One bright, early, August morning, I boarded a coach bus with other tourists. It was my first visit to the UK. We ventured from London, through the Cotswolds, destined for William Shakespeare’s town of Stratford on Avon.
The Cotswolds proved to be as picturesque as imagined. After snooping in little shops and sipping tea solo next to a graveyard, I returned swiftly to my seat on the bus. Unfortunately, there were some passengers, who never came back on time, so we had to leave without them! I instantly felt nervous for them, their belongings left on seats directly in front of me. Sinking down into my spot, I grimaced and closed my eyes asking Our Lady and their guardian angels to help them find their way back to Ye London Town. While others, raucously encouraged the driver to press on!
Throughout the drive, the countryside took my breathe away.
Arriving in Cottage Lane, we approached the twelve bedroom house, I spied a dear garden in front which was busy with workers. Before I entered, I exchanged words with the old gardener who caught me eyeing off some gigantic turnips. He stated one would be his dinner. I suggested he might have to fight a certain Peter Rabbit for it who I swore had travelled far in pursuit of loot and hid under the blackberry bush as we entered. He chuckled.
The house itself is the birth and childhood home of Anne Hathaway who was William Shakespeare’s wife. Not much is known about her which I find a little mysterious and intriguing. Her farming father who owned the house, sadly died, eventually leaving Anne and William a small sum of money to use for their wedding and early married life. Though they didn’t live in this house for long, together the couple filled their lives with a gaggle of children. This made me think fondly of my own which I had left home down under.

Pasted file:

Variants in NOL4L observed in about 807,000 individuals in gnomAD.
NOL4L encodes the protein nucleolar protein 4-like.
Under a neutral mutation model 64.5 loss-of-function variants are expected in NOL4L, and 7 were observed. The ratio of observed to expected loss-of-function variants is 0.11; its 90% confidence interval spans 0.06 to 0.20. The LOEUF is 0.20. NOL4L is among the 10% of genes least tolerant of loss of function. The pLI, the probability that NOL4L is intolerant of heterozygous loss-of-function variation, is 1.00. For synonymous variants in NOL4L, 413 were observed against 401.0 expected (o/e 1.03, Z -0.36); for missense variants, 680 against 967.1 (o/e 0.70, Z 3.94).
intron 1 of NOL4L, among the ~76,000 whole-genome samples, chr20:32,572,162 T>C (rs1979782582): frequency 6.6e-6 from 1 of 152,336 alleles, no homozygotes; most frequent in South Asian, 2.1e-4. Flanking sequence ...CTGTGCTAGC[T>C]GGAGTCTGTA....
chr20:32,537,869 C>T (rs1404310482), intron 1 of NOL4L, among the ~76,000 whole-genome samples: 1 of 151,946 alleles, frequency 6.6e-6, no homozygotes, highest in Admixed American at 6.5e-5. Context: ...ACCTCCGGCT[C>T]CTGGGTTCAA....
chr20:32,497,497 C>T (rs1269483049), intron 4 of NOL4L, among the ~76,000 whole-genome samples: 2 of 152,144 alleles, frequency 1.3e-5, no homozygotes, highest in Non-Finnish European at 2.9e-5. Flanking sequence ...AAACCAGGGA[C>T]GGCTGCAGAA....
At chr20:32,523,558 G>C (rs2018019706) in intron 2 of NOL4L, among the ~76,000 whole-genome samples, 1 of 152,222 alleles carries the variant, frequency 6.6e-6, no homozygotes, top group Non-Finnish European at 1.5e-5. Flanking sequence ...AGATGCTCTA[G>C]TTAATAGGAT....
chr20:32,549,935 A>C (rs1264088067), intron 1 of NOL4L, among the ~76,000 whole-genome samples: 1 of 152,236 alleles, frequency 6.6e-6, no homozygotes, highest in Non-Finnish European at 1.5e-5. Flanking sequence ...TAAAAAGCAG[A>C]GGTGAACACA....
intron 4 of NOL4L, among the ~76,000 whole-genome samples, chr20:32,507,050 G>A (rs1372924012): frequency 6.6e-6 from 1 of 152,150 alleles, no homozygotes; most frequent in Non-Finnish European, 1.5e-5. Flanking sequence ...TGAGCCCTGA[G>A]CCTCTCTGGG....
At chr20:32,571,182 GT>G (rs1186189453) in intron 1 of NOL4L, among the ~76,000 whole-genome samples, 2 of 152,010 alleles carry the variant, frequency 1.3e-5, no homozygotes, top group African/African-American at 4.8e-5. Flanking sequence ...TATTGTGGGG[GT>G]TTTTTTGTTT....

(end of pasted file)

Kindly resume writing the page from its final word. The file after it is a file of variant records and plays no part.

I was desperate to explore inside, carefully noting the low beams, which made me duck my head. I wondered how giants would have lived in a place such as this? I think back then, people were most definitely shorter!
The wooden floor which was uneven spread under my feet. It reminded me of old rickety wood from a railway track. It creaked as I stepped upon it. Upstairs, beds were made of what seemed like itchy looking hessian. Small wooden shoes were placed beside. The shadows of those who once walked this sweet home, were now sketched in the memory of the faded candlelight which had burnt out long ago. By looking straight up you could see underneath the thatched roof which had been diligently restored. Wire held it firmly in place. We were told, It is a very costly way to make a roof, however it lasts an incredibly long time.
A few dusty books were dotted around the house. Old recipe notes lay across the dining table and copper pots and pans adorned the kitchen. It seemed popular and practical at the time, to leave springs of herbs and flowers which while drying, filled the air with sweet smells such as lavender and thyme. Though we had limited time, I meandered a little, poking my nose in various rooms here and there.
Eventually, a smoothed back step which was worn down from hundreds of years of being treaded on, took me again out to the garden. I stood frozen in modern time while busy bees, buzzed by. I slowly soaked in the final details before we headed east. I breathed in the history of the place which had caught this historical house lover’s attention, the moment I set my beady eyes on it in the brochure. The serene place which Anne Hathaway called ‘home’.
Have you visited here? What do you think of thatched roves? Ever hit your head on a low lying beam before?